Dubbed 'Italy's Jonah Lomu', Bergamasco has been asked by coach John Kirwan to play out of position for the Azzurri in this year's Six Nations Championship.
He took to his new role admirably in last weekend's 30-22 victory over Wales and will remain as a back for tomorrow's home clash against Ireland.
"The most important thing for me is that I have fun playing on the wing," Bergamasco said yesterday. "I am happy to play in this new position to help the team out, but it's no good for me unless I am enjoying myself.
"It's difficult to say whether I feel comfortable on the wing because I haven't played there long enough.
"I am happy when I feel I know what I am doing and it will take time to see if this is my true position. I need to find out if playing on the wing is fun for me, or not."
Bergamasco said, although he was pleased to be learning new skills, he was a little concerned that making the switch from flanker could be harmful to his career in the long-term.
"It's a big challenge for me as it's not a simple position psychologically and technically," said the 23-year-old Treviso forward. "I have to understand the principles of playing as a winger and I'm learning something new in every training session, but its not easy to prepare for it in a few weeks.
"For now I am happy, but I have to think about my future and career and
I know that could be a problem.
"I want to play as a flanker, but I also want to develop skills in every area of the pitch. This is my objective.
"I want to be able to play with hands, my feet, and when I run I need to be able to run as a back.
"I have played in may different positions at club level: full-back, scrum-half, fly-half. I think about this change as a new experience."
Looking ahead to tomorrow's clash against the Irish, Bergamasco said he was hoping for another celebration like the one that took place at the team's hotel last weekend.
"After beating Wales we had a massive party and we had such a good time that we want to do it all over again," he said.
"We have been working very hard to achieve this and are very focused on the match against Ireland.
"We know that it is going to be tough, even harder than it was last week against the Welsh, but we badly want to win."
Bergamasco said he was happy with the progress Italian rugby had made over the last 12 months, but insisted the team still had a long way to go before they are considered a force in world rugby: "We are going in the right direction, but there is still plenty of work to do. When we reach the point when we are considered as a team who, on their day, can beat anyone, then we will be happy."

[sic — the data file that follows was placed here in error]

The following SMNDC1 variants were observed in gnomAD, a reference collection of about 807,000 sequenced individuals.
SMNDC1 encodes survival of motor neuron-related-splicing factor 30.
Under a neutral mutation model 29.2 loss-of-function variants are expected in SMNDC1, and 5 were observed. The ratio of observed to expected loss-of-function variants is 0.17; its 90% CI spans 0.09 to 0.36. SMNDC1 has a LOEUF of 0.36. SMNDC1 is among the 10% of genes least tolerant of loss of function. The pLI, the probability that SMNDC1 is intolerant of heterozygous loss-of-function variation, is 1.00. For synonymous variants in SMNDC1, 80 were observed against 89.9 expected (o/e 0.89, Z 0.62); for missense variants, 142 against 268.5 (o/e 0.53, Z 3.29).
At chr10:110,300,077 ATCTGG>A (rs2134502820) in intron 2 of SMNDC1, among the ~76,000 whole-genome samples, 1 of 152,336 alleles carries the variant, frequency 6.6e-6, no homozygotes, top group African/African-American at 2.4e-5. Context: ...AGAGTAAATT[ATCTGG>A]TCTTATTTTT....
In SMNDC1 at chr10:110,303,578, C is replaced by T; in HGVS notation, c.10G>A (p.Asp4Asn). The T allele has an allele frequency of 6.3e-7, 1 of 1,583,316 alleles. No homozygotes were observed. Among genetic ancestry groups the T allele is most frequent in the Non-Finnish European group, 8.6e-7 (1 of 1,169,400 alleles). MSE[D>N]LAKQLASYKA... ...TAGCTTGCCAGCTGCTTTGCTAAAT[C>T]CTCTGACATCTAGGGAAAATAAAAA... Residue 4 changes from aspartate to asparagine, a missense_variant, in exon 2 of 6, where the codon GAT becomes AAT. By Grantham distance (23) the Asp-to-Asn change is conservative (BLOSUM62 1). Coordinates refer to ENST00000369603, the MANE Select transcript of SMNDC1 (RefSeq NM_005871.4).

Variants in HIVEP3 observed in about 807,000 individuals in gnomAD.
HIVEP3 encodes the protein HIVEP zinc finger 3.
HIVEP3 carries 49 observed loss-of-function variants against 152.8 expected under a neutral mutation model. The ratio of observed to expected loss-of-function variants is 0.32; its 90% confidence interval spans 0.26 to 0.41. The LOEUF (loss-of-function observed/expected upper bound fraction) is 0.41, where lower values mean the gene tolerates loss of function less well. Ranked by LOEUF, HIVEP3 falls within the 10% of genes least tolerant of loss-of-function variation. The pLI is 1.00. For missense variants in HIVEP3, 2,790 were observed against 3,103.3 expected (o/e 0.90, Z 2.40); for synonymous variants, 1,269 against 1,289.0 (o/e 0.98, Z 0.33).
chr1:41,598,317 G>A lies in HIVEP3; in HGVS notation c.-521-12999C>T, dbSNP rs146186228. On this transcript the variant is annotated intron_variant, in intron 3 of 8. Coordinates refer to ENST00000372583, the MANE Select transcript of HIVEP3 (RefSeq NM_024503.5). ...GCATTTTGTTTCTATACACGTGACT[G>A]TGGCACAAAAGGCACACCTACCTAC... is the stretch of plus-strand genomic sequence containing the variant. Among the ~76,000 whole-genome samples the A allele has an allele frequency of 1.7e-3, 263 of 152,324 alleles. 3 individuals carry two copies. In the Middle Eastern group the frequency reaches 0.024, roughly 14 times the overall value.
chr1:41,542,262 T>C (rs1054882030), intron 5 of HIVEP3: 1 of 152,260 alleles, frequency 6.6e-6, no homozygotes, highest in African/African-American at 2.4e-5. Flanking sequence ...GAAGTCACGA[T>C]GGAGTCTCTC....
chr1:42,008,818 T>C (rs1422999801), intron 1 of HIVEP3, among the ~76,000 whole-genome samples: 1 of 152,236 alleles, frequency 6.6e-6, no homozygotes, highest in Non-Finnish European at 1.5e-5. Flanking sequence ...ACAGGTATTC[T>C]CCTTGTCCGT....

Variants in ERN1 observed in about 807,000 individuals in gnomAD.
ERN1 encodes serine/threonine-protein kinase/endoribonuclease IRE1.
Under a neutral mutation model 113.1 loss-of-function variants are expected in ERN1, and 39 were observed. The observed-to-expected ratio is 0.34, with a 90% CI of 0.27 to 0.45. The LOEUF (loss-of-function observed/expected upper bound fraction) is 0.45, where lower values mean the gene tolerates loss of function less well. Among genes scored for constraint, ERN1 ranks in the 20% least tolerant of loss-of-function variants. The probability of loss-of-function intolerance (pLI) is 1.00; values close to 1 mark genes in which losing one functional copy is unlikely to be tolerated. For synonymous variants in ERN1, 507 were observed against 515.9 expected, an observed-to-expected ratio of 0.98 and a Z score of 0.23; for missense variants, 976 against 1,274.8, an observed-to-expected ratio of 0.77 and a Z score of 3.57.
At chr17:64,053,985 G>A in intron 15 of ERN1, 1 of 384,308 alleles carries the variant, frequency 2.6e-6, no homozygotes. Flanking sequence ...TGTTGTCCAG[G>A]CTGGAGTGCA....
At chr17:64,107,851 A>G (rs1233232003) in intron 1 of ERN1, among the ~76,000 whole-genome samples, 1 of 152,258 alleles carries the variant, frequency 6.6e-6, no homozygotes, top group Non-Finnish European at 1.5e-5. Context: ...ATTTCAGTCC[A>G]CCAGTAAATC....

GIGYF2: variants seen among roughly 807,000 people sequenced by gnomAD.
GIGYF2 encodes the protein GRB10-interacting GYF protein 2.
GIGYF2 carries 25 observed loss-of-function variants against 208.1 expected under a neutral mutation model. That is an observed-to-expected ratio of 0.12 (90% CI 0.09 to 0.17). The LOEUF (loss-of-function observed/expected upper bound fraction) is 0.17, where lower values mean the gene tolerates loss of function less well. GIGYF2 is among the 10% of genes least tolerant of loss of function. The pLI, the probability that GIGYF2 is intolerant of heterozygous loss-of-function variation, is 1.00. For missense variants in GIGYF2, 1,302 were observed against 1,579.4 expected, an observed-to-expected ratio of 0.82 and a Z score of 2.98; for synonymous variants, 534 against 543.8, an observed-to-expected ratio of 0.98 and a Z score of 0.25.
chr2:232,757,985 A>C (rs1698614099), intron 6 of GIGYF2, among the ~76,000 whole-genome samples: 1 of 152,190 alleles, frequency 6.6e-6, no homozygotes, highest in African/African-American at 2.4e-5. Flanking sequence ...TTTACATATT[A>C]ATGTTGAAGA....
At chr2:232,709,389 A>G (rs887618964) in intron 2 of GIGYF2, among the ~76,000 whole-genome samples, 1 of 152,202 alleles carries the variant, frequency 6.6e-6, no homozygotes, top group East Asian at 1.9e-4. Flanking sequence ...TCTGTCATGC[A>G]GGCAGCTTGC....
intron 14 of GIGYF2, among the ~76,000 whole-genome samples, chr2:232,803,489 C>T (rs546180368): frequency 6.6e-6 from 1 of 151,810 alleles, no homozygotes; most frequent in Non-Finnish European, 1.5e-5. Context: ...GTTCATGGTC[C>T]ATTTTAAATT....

Even though Italy is a country of 60 million people, rugby is still a minority sport in a soccer mad country.
"We don't always get the credit for our achievements. We haven't won a lot of matches against the more established rugby nations but we have run a few of them on close results over the years."
His love of rugby was forged from an early age and he got great encouragement from his father (Arturo) who played for Italy three decades ago.
"Sure, rugby was always in my life. I started playing when I was only six but there was a rugby ball in the house long before that."
It was Frenchman Georges Costes who converted him in the early stages of his international career and he was one of the few players to make an impact on Italy's tour of South Africa in 1999.
He was top dog as Italy embarked on the 1999 World Cup but, unfortunately, suffered a broken rib in the opening game against England.
"That was a major disappointment. Players build up to tournaments like that. Fortunately, I am young enough to play in another one, if not two."
ITALY: P. Vaccari, M. Bergamasco, C. Stoica, G. Raineri, D. Dallan, D. Dominguez, A. Troncon (capt); M. Phillips, A. Persico, A. de Rossi, M. Bortolami, C. Bezzi, R. Martinez, C. Festuccia, G. de Carli.
Replacements: A. Moretti, L. Castrogiovanni, M. Giacheri, S. Palmer, J. Manuel Queirolo, R. Pez, M. Bergmasco.